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Wednesday, October 19, 2011

salsa

What do salsa the condiment and salsa the dance have in common?

They're both made better by a margarita.

Although I wish I could say that I spent the day dancing the salsa with a handsome man named Javier, I can't. What I can say is that I spent a day canning salsa. As a matter of fact I canned enough salsa to last far longer than any relationship with Javier would.

When I say I spent a whole day, I really mean it. It was one of those days where I was in and out a lot, but in between, from 7 in the morning until 8 at night, I was chopping vegetables and boiling jars. This salsa recipe, that I got from the Ball Complete Book of Home Preserving, is not complicated. It doesn't need crazy ingredients or require unheard of steps. It just makes an enormous batch of salsa, and therefore requires an enormous amount of time chopping. As a matter of fact, when the kids asked what was for dinner, I looked around the kitchen and said, "hmmm...salsa?" There wasn't anything else to be had!

Actually, I felt a little bit like a pioneer while making this. Not like Pioneer Woman (she can do anything With √©lan and verve that I ain't got.). And not like those Mormon pioneers who came across the plains with their 18 children and covered wagons. Goodness knows I couldn't have done it without a drink at the end of one of those days of trekking across the wilderness. I felt rather like the kind of pioneer who "puts up" the veggies at the end of the harvest.  The person who had to preserve the food because when the summer ended, there would be no more tomatoes for another 9 months, and the would need it to last through the winter.

We only had four tomato plants, but they were prolific this year! Those tomatoes plus the tomatoes I got in the Abundant Harvest box turned out to be more than we could use all at once for a couple of weeks there. And so, the canning. Like I said, this recipe makes a heap of salsa. It used up all the tomatoes that were threatening to fall apart on the kitchen counter, plus some other spare parts slowly dying in the fridge. It does take a ton of chopping, but it makes a ton of salsa. And around here, a ton of salsa is a good thing (balancing out those margaritas and all). In the end, I had 6 pint jars plus 3 8-ounce jars of salsa. Yum.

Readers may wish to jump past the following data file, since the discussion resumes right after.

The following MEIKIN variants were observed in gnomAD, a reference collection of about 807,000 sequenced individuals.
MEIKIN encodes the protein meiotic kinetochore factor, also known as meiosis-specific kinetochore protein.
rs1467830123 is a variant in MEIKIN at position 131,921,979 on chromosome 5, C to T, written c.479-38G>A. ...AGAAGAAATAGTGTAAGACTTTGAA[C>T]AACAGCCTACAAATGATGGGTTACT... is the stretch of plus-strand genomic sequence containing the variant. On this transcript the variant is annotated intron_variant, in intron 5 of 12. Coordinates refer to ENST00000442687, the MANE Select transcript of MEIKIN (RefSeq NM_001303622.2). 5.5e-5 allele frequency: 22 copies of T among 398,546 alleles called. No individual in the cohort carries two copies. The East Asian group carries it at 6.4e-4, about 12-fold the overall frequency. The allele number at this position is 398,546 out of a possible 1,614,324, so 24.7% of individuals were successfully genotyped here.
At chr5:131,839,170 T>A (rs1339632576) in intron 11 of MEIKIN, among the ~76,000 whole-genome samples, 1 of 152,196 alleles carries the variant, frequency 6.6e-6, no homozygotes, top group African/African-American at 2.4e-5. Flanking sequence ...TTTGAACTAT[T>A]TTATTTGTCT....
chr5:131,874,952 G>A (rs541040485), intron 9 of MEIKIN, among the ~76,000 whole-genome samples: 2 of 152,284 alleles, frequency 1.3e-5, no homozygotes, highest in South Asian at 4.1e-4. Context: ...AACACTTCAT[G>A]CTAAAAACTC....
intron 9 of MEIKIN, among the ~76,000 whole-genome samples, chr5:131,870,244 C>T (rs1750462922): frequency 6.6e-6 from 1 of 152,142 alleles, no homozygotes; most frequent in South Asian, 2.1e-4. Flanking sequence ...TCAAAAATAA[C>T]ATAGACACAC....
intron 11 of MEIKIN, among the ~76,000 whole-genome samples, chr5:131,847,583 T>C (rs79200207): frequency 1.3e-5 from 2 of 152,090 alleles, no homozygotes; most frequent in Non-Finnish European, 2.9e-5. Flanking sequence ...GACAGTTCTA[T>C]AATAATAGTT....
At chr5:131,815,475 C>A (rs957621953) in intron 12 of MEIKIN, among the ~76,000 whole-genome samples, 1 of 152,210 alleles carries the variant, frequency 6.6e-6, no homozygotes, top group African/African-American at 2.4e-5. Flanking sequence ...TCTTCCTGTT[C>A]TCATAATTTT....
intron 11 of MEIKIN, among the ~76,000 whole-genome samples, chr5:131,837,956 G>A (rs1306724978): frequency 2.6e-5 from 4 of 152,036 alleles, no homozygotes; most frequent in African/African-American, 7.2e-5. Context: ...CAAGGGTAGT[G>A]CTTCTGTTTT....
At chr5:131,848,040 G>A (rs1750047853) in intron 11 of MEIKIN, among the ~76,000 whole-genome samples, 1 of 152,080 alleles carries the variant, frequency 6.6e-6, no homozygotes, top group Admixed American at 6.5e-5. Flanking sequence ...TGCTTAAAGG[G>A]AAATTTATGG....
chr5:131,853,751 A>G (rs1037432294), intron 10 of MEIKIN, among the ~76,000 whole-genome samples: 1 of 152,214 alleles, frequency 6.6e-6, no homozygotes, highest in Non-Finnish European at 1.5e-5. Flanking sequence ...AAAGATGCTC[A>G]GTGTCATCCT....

I followed the Ball recipe exactly. I rarely follow a recipe 100%, but with canning I wasn't going to take any chances. If you want to preserve it, you have to be really careful with acid levels, so that bacteria doesn't grow when it's in the jars. Since botulism doesn't go as well with margaritas, I decided to just be safe. And so, here it is:


Zesty Salsa
Use whatever type of chili peppers your family prefers, and add hot pepper sauce if your tastes are even more daring.


10 cups of chopped, cored, peeled tomatoes
5 cups chopped, seeded green bell peppers
5 cups chopped onions
2 1/2 cups chopped seeded chili peppers, such as hot banana, Hungarian wax, serrano, or jalapeno
1 1/4 cups cider vinegar
3 cloves garlic, finely chopped
2 tablespoons finely chopped cilantro
1 tablespoon salt
1 teaspoon hot pepper sauce (optional)

1. Prepare canner, jars, and lids.

2. In a large stainless steel saucepan, combine tomatoes, green peppers, onions, chili peppers, vinegar, garlic, cilantro, salt, and hot pepper sauce, if using. Bring to a boil over medium-high heat, stirring constantly. Reduce heat and boil gently, stirring frequently, until slightly thickened, about 10 minutes.

3. Ladle hot salsa into hot jars, leaving 1/2 inch head space. Remove air bubbles and adjust headspace, if necessary, by adding hot salsa Wipe rim. Center lid on jar. Screw band down until resistance is met, then increase until finger-tip tight.

4. Place jars in canner, ensuring they are completely covered with water. Bring to a boil and process both 8-ounce and pint jars for 15 minutes. Remove canner lid. Wait five minutes, then remove jars, cool, and store.